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Old 08-02-2010, 11:58 PM   #9
HansTWN
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Join Date: Jun 2009
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Quote:
Originally Posted by Worldwalker View Post
Is there a public version of this article available anywhere?
Quite strange. I accessed this link from a Yahoo news website. Apparently you can freely access this article with the Yahoo referral without registration. So please see below:


"The attorney-general’s office in the US state of Connecticut said on Monday that it was examining the pricing of digital books by Amazon and Apple, the e-reader rivals, citing competition concerns over their deals with leading *publishers.

Richard Blumenthal, the state’s most senior legal official, has written to both Apple and Amazon expressing concern that their pricing agreements with publishers “threaten to encourage co-ordinated pricing and discourage discounting”.
EDITOR’S CHOICE
Wylie threatens broad digital expansion - Jul-29
John Gapper: Publishers need to be creative - Jul-28
E-books overtake hardcover sales at Amazon - Jul-20
Sony moves to standardise e-books - Aug-13
Sony launches low-cost book readers - Aug-04
Springer leaps ahead in academic e-book market - Jul-05

The move represents a potential threat to publishers’ efforts to take control of e-book pricing amid the rapid growth in demand for digital titles for reading devices such as Amazon’s Kindle and Apple’s iPad.

Both Amazon and Apple, which dominate the rapidly growing e-book market, now have agreements with leading publishers that give the publisher of an e-book the right to set its list price, in exchange for granting the seller a 30 per cent share of the revenues.

The Connecticut inquiry focuses on unconfirmed reports that Amazon and Apple have secured guarantees they will receive the same pricing terms from the publishers of an e-book as any rival, which would allow them to match the lowest price in the market.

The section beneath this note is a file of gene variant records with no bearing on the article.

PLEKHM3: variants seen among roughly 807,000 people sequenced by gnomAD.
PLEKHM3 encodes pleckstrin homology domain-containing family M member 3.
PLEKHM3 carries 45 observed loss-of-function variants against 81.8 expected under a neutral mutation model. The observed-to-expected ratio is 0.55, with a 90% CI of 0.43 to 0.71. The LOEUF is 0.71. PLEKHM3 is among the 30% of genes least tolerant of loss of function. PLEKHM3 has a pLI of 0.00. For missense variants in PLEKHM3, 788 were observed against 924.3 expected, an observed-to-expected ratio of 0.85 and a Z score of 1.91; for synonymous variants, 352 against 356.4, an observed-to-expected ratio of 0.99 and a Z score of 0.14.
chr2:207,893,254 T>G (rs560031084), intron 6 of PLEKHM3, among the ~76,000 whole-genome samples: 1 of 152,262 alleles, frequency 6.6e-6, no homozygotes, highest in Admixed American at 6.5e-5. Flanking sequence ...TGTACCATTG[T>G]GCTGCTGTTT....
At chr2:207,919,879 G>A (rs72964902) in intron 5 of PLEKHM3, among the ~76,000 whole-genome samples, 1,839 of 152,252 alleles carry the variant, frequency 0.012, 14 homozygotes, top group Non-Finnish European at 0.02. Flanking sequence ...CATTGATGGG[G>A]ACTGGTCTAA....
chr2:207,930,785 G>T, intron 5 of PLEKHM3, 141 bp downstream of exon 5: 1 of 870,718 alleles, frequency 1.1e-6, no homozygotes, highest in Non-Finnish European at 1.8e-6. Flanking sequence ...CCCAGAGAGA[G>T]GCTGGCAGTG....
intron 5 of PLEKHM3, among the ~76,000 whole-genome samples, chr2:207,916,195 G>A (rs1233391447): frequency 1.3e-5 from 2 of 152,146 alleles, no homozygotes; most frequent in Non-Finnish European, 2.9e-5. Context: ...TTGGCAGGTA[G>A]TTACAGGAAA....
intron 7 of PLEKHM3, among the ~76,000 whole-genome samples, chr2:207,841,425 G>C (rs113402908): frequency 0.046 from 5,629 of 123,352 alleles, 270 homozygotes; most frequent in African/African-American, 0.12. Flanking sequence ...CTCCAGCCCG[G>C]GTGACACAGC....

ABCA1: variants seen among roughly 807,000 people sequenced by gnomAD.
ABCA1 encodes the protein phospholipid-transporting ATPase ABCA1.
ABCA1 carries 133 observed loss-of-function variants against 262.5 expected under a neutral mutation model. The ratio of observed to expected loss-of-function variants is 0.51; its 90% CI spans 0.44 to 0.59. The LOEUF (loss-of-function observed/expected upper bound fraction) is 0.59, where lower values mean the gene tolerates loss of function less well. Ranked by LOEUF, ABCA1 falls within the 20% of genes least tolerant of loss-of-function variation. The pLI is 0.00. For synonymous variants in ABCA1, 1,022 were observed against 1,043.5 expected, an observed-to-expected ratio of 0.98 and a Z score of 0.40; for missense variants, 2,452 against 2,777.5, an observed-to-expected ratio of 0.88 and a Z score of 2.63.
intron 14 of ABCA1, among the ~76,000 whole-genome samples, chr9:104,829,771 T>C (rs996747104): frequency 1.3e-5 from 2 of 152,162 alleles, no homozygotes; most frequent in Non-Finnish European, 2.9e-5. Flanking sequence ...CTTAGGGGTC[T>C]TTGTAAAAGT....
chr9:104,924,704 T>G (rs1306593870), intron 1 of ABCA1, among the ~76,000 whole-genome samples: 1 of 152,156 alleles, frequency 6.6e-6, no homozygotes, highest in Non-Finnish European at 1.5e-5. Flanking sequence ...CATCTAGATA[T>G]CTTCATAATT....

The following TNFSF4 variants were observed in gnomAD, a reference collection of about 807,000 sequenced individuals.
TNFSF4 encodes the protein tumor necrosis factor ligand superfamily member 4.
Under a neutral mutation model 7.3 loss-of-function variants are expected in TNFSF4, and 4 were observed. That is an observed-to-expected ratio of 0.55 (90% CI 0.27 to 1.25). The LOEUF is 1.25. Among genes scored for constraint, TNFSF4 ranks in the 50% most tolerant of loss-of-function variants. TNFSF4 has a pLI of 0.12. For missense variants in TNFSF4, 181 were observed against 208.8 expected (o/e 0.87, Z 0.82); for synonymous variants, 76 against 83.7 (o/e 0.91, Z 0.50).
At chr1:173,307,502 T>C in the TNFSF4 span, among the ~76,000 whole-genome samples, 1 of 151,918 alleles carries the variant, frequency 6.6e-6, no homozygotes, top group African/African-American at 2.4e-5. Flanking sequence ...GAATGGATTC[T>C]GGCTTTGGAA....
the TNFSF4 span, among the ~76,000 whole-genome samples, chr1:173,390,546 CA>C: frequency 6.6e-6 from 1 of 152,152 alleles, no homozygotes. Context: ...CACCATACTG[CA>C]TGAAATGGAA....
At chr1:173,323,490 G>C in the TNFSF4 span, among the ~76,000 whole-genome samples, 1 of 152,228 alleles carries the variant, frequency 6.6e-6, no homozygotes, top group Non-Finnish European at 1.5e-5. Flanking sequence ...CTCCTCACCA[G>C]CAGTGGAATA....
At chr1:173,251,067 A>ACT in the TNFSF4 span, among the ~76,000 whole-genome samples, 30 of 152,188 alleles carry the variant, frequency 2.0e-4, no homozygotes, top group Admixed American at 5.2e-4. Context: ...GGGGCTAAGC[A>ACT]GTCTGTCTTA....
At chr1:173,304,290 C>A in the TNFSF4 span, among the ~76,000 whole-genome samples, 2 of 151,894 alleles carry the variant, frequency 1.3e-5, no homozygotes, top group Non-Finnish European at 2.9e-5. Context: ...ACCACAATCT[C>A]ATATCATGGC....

In his letters to the two companies, Mr Blumenthal said a so-called “most favoured nation” deal would lead to “the establishment of a price floor for e-books offered by the publisher”.

He also said that an initial survey of bestsellers by his office on Amazon, Apple, Borders and Barnes & Noble’s digital bookstores found that “almost uniformly, prices were identical between all four sellers”, which could be “to the ultimate detriment to the consumer”.

Amazon and Apple offer most bestsellers in e-book form for $9.99, significantly below the publishers’ listed prices for new hardbacks, which are often more than $20.

The publishers’ support for the agency pricing model is based on their fears that aggressive discounting of e-books will play havoc with their traditional business model.

Mr Blumenthal said that he wanted both retailers to discuss the issues further with his office.

Apple declined to comment on Monday, while Amazon could not be contacted.

Traditional books are sold at a wholesale price negotiated between the publisher and the retailer, which then decides the final retail price – a model initially adopted for e-books by Amazon, but abandoned in favour of the “agency model” established by Apple following pressure from publishers this year.

In 2007, the US Supreme Court ruled that manufacturers could set minimum resale prices in some circumstances.

But laws in several states, including California, New York and Connecticut, still consider setting minimum prices *illegal."
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